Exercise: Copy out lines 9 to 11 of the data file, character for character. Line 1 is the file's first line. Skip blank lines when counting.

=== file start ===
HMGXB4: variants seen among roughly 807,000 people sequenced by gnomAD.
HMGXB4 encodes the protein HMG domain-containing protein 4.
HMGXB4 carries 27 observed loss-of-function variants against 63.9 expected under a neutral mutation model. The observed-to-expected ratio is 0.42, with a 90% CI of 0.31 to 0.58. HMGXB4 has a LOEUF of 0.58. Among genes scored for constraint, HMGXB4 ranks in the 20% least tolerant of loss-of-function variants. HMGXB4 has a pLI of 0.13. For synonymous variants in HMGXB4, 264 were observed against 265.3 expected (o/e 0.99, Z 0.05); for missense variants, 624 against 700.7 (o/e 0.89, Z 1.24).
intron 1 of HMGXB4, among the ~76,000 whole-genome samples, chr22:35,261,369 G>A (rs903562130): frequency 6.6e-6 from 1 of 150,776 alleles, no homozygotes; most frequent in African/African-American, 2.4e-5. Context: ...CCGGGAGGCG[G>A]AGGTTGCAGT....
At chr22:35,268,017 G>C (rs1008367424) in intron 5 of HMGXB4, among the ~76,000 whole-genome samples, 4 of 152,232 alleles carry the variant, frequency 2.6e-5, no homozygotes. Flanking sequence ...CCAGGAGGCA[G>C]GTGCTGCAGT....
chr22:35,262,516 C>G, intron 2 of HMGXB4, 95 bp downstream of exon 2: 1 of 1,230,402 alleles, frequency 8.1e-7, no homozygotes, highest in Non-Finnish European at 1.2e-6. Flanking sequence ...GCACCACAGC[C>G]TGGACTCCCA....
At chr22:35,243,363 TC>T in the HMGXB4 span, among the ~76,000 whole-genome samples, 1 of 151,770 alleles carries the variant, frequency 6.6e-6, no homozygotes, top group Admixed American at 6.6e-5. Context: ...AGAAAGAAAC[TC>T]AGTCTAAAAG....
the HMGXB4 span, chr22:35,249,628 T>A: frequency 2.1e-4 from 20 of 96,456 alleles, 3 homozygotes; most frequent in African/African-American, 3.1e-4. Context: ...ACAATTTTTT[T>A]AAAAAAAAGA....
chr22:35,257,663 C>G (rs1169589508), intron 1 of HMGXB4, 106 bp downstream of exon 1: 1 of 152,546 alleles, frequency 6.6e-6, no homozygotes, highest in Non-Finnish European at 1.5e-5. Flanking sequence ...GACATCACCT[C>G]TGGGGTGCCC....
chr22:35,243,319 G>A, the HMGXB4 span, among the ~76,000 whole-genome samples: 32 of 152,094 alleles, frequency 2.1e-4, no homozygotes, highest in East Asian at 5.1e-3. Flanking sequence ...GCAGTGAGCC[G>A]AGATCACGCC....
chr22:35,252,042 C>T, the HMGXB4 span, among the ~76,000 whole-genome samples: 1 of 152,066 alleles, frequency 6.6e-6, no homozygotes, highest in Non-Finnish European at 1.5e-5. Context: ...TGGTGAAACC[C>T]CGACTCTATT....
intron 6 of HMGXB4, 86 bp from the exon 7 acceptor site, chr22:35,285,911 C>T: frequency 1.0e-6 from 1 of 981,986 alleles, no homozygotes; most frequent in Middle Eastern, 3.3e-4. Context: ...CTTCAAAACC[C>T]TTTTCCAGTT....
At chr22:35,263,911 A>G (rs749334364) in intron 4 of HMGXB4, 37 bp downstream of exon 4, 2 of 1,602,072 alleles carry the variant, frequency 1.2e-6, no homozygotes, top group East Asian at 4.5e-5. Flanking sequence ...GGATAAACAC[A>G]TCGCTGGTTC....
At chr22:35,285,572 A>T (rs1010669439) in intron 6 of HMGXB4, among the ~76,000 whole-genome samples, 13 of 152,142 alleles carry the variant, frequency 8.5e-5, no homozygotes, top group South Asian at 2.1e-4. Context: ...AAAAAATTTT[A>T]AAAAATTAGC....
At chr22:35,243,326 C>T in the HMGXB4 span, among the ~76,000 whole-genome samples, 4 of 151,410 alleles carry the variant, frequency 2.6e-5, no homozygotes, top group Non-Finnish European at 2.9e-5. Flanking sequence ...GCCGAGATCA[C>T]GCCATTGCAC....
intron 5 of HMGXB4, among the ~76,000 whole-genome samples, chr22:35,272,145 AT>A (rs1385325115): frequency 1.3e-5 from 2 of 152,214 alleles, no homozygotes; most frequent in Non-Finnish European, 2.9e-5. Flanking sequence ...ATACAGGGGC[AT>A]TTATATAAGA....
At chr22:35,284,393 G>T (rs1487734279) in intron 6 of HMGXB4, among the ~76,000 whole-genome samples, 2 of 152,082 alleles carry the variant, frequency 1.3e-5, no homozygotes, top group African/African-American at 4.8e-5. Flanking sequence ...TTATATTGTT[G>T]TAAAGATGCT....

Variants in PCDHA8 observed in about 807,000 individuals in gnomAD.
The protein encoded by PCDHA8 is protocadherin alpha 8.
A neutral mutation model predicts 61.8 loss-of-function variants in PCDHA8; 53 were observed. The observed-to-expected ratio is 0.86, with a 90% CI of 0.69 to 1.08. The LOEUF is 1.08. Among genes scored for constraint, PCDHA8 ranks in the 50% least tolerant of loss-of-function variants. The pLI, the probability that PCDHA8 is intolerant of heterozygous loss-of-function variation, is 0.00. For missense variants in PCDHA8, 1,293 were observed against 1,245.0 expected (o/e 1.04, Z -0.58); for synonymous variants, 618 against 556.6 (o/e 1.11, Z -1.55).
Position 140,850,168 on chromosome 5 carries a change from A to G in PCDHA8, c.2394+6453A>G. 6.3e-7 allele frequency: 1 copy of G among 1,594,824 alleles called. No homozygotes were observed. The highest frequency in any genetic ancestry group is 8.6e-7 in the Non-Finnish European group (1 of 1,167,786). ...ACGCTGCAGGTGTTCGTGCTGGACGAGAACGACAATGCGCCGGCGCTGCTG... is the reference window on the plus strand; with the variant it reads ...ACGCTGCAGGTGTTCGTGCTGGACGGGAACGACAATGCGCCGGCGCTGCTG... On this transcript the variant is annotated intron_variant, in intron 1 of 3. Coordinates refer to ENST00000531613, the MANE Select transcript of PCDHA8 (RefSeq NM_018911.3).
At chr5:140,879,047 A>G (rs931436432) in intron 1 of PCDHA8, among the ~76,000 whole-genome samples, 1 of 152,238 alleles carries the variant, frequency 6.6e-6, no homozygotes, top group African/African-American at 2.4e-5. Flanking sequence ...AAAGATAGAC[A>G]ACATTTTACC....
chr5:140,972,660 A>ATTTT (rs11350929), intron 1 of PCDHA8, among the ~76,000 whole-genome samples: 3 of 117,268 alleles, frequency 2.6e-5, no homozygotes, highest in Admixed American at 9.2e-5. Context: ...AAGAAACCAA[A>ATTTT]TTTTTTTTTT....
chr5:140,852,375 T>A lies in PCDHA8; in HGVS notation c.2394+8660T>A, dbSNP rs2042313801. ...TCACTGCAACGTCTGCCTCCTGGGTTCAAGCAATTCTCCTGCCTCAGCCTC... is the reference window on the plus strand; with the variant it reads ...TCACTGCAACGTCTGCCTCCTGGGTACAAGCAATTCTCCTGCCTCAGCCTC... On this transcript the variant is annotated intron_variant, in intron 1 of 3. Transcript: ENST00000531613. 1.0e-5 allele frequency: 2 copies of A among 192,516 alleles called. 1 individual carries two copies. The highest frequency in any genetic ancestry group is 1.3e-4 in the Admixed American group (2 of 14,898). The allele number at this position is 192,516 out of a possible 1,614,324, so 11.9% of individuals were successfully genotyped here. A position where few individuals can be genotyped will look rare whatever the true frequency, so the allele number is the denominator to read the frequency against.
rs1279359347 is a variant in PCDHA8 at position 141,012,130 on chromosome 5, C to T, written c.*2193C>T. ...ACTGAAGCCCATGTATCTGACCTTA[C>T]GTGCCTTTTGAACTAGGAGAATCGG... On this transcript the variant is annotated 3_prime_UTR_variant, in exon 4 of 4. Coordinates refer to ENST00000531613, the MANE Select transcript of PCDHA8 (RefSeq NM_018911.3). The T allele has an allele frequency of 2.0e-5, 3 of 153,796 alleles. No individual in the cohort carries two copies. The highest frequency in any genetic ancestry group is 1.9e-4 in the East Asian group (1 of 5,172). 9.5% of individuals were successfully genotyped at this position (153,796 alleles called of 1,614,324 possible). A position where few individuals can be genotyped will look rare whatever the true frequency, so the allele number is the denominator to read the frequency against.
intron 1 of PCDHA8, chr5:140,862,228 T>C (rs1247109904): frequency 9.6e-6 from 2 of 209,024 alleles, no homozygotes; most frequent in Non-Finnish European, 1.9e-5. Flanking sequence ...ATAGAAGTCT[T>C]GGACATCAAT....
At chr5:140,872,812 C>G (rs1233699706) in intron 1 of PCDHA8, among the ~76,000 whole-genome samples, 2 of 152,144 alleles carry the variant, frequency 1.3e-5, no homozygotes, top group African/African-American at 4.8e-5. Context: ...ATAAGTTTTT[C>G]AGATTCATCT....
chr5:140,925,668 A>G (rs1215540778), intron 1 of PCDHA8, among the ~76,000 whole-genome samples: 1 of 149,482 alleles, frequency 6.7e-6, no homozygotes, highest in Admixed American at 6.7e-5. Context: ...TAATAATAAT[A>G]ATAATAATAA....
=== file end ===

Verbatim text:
chr22:35,257,663 C>G (rs1169589508), intron 1 of HMGXB4, 106 bp downstream of exon 1: 1 of 152,546 alleles, frequency 6.6e-6, no homozygotes, highest in Non-Finnish European at 1.5e-5. Flanking sequence ...GACATCACCT[C>G]TGGGGTGCCC....
chr22:35,243,319 G>A, the HMGXB4 span, among the ~76,000 whole-genome samples: 32 of 152,094 alleles, frequency 2.1e-4, no homozygotes, highest in East Asian at 5.1e-3. Flanking sequence ...GCAGTGAGCC[G>A]AGATCACGCC....
chr22:35,252,042 C>T, the HMGXB4 span, among the ~76,000 whole-genome samples: 1 of 152,066 alleles, frequency 6.6e-6, no homozygotes, highest in Non-Finnish European at 1.5e-5. Context: ...TGGTGAAACC[C>T]CGACTCTATT....